How much I.T. tax did you pay in 2013?

Gifts to Charity are only good when they're voluntary.

Gifts to Charity are only good when they're voluntary.

It's that time of year again when we turn our attention to taxes. There are two kinds of taxes, the ones you know about, and the ones you don't.  You know about your income tax and sales tax. Then there are those sneaky taxes you find after the fact, like when you pay for your car registration. Those line items don't make sense unless you're a CPA, and even then I have yet to meet a CPA who can explain what they all are.

There are invisible taxes you're paying in your business too. Having worked with over a thousand small business owners, I have learned that over 97% of business owners are unaware of these hidden taxes, they don't know that they are mostly voluntary, and they have not been informed by their CFO, CPA or other trusted advisor to really look hard at whether or not they want to keep paying the tax in 2014.

This invisible tax is I.T. tax, and like government taxes, they come in two ways: You either know you're paying them or you don't. I have worked with two businesses recently that are good examples of both:

One business owner runs a successful architecture firm. He has about ten employees and a good niche in industry. He pays about $1000 each month to his I.T. service provider, and outside consulting firm. When he has a problem they call it in and wait for a response from a help desk, someone who's never been at the customer site, doesn't understand the customer's business, and has only one direction on how to prioritize issues: First in, first out. It's been over 12 months since anyone visited the customer at the business. When an onsite does occur, they get a supplemental fee, albeit marketed "at a discount".

Another business owner runs a successful legal practice. He has attorneys that thrive on efficiency and truly care for their customers. As far as visits from his I.T. service provider, he has the opposite problem: They are at the customer's office putting out fires every day. The firm has a relatively new server and decent computers, but nothing seems to work consistently. And the bills for all the service keep coming, "per the agreement."

In both cases, there are two kinds of fees to the customer: The obvious fees, and the not so obvious. The first customer shared with me that they don't see any value in what they're paying for.  He explains, "it feels like insurance, and I still have to pay a 100% deductible every time someone comes out here". Things are much, much worse for the second customer. Not only is he paying for monthly service, but the additional charges add up to several thousand dollars over the year. He feels equally bad about the value received.  All he wants is for things to work.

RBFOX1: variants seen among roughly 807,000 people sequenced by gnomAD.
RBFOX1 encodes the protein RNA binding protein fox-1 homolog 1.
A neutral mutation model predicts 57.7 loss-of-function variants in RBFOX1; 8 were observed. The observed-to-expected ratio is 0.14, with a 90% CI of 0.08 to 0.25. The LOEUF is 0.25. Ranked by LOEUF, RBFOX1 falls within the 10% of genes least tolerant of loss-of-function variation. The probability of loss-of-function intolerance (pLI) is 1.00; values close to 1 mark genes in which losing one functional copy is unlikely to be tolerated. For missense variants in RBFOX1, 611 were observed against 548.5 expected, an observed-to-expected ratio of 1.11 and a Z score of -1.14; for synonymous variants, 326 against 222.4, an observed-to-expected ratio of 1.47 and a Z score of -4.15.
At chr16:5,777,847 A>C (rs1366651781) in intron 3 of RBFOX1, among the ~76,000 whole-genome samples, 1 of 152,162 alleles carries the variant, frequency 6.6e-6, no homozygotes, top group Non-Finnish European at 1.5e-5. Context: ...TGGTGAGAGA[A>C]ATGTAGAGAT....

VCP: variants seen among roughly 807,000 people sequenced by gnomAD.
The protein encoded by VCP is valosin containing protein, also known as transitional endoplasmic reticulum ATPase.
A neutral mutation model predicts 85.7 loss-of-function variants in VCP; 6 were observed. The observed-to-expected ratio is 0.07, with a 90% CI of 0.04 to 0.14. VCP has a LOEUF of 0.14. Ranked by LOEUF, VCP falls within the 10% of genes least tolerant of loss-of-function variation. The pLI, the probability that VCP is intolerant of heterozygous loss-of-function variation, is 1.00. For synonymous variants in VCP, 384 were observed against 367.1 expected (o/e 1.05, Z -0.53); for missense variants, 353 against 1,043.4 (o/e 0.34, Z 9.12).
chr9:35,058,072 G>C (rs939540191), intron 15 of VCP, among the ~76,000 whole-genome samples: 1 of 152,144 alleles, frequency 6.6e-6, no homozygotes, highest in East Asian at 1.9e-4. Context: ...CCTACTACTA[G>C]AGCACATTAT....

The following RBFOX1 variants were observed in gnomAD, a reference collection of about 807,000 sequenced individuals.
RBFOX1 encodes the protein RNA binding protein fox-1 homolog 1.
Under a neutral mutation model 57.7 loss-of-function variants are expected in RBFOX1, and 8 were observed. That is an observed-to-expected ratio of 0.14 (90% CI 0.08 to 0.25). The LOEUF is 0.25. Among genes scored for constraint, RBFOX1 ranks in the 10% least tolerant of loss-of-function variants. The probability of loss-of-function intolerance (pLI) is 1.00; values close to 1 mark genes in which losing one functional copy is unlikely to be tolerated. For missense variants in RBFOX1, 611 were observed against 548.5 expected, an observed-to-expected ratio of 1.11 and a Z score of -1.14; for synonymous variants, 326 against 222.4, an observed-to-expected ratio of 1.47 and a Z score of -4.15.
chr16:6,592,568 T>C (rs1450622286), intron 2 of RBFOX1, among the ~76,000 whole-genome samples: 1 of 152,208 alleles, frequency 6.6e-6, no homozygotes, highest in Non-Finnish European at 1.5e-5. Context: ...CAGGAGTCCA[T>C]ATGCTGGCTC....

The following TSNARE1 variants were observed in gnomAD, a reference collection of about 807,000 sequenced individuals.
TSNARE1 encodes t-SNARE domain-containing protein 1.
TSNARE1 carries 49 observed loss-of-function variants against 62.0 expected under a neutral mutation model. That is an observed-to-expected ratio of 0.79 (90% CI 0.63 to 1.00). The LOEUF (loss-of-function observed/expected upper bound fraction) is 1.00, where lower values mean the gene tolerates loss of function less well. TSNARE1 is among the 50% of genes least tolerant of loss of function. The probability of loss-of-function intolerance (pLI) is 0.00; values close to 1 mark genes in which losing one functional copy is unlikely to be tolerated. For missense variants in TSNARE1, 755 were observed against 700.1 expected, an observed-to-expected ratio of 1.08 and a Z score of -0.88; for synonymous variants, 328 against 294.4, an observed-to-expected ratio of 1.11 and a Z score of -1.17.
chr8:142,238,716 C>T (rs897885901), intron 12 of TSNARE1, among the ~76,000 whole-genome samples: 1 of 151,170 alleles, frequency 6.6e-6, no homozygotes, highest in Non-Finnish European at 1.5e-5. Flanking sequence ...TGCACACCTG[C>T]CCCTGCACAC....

How much did you overpay in I.T. taxes last year? Are you prepared to do the same in 2014?

How much did you overpay in I.T. taxes last year? Are you prepared to do the same in 2014?

Then there are the hidden fees. What does one hour of service from your I.T. firm really cost? In both customer cases, thousands of dollars per hour.  Think about it: In a situation where the system is down, you have billable employees, architects or attorneys, who you pay hourly at a very good rate, unable to bill your clients at your firm's rates. For five attorneys, that's approximately $1500 lost per hour.

Do you run a business between 5 and 25 employees? Is your I.T. service provider just a charitable cause that you pay to each month, or do you feel like you wish you could be refunded for much of what you've paid?  If you're not completely satisfied, it's because you need a non-traditional service plan. No shortcuts. No managed service provider marketing.  Just pure and simple management of your technology, aligning it to your business and keeping it available so you can be profitable and have more time back to you. If you're interested in learning more, contact me here for more information.